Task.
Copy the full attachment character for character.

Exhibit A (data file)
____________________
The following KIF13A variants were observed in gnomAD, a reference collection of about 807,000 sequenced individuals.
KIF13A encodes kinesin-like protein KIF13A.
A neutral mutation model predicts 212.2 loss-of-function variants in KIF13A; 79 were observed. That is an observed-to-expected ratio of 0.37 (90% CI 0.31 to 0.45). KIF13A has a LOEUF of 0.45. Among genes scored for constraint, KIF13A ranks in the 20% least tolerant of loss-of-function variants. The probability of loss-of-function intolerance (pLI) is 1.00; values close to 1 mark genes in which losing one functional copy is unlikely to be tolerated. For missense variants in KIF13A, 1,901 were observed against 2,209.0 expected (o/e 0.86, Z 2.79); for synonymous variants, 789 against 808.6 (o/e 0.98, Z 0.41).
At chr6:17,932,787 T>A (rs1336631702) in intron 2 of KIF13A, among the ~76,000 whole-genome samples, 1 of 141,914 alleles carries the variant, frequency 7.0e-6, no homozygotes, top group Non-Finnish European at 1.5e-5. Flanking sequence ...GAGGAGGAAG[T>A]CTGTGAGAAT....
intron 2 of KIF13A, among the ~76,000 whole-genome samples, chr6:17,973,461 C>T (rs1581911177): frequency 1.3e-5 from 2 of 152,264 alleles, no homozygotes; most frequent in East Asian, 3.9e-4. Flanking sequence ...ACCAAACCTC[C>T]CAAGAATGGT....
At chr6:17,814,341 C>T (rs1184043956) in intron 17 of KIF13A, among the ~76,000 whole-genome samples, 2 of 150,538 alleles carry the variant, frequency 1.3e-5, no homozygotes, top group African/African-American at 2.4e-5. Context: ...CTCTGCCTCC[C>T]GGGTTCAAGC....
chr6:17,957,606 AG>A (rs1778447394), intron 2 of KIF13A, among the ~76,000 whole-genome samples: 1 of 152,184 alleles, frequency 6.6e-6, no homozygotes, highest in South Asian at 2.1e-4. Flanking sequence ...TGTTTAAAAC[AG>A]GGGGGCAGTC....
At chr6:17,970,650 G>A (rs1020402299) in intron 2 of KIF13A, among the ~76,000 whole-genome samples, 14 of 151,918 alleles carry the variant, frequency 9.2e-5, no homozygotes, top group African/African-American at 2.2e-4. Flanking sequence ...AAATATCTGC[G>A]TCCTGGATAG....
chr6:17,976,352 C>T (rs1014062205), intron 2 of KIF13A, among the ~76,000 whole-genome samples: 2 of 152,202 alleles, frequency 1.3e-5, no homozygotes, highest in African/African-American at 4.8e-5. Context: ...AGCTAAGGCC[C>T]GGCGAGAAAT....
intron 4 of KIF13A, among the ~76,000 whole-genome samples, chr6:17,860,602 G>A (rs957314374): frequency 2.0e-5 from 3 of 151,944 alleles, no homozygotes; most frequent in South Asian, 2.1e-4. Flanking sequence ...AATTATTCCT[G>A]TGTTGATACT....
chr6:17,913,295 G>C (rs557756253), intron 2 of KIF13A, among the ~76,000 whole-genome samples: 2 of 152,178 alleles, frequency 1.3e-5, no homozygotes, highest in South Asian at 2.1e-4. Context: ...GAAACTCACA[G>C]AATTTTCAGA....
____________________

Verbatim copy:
The following KIF13A variants were observed in gnomAD, a reference collection of about 807,000 sequenced individuals.
KIF13A encodes kinesin-like protein KIF13A.
A neutral mutation model predicts 212.2 loss-of-function variants in KIF13A; 79 were observed. That is an observed-to-expected ratio of 0.37 (90% CI 0.31 to 0.45). KIF13A has a LOEUF of 0.45. Among genes scored for constraint, KIF13A ranks in the 20% least tolerant of loss-of-function variants. The probability of loss-of-function intolerance (pLI) is 1.00; values close to 1 mark genes in which losing one functional copy is unlikely to be tolerated. For missense variants in KIF13A, 1,901 were observed against 2,209.0 expected (o/e 0.86, Z 2.79); for synonymous variants, 789 against 808.6 (o/e 0.98, Z 0.41).
At chr6:17,932,787 T>A (rs1336631702) in intron 2 of KIF13A, among the ~76,000 whole-genome samples, 1 of 141,914 alleles carries the variant, frequency 7.0e-6, no homozygotes, top group Non-Finnish European at 1.5e-5. Flanking sequence ...GAGGAGGAAG[T>A]CTGTGAGAAT....
intron 2 of KIF13A, among the ~76,000 whole-genome samples, chr6:17,973,461 C>T (rs1581911177): frequency 1.3e-5 from 2 of 152,264 alleles, no homozygotes; most frequent in East Asian, 3.9e-4. Flanking sequence ...ACCAAACCTC[C>T]CAAGAATGGT....
At chr6:17,814,341 C>T (rs1184043956) in intron 17 of KIF13A, among the ~76,000 whole-genome samples, 2 of 150,538 alleles carry the variant, frequency 1.3e-5, no homozygotes, top group African/African-American at 2.4e-5. Context: ...CTCTGCCTCC[C>T]GGGTTCAAGC....
chr6:17,957,606 AG>A (rs1778447394), intron 2 of KIF13A, among the ~76,000 whole-genome samples: 1 of 152,184 alleles, frequency 6.6e-6, no homozygotes, highest in South Asian at 2.1e-4. Flanking sequence ...TGTTTAAAAC[AG>A]GGGGGCAGTC....
At chr6:17,970,650 G>A (rs1020402299) in intron 2 of KIF13A, among the ~76,000 whole-genome samples, 14 of 151,918 alleles carry the variant, frequency 9.2e-5, no homozygotes, top group African/African-American at 2.2e-4. Flanking sequence ...AAATATCTGC[G>A]TCCTGGATAG....
chr6:17,976,352 C>T (rs1014062205), intron 2 of KIF13A, among the ~76,000 whole-genome samples: 2 of 152,202 alleles, frequency 1.3e-5, no homozygotes, highest in African/African-American at 4.8e-5. Context: ...AGCTAAGGCC[C>T]GGCGAGAAAT....
intron 4 of KIF13A, among the ~76,000 whole-genome samples, chr6:17,860,602 G>A (rs957314374): frequency 2.0e-5 from 3 of 151,944 alleles, no homozygotes; most frequent in South Asian, 2.1e-4. Flanking sequence ...AATTATTCCT[G>A]TGTTGATACT....
chr6:17,913,295 G>C (rs557756253), intron 2 of KIF13A, among the ~76,000 whole-genome samples: 2 of 152,178 alleles, frequency 1.3e-5, no homozygotes, highest in South Asian at 2.1e-4. Context: ...GAAACTCACA[G>C]AATTTTCAGA....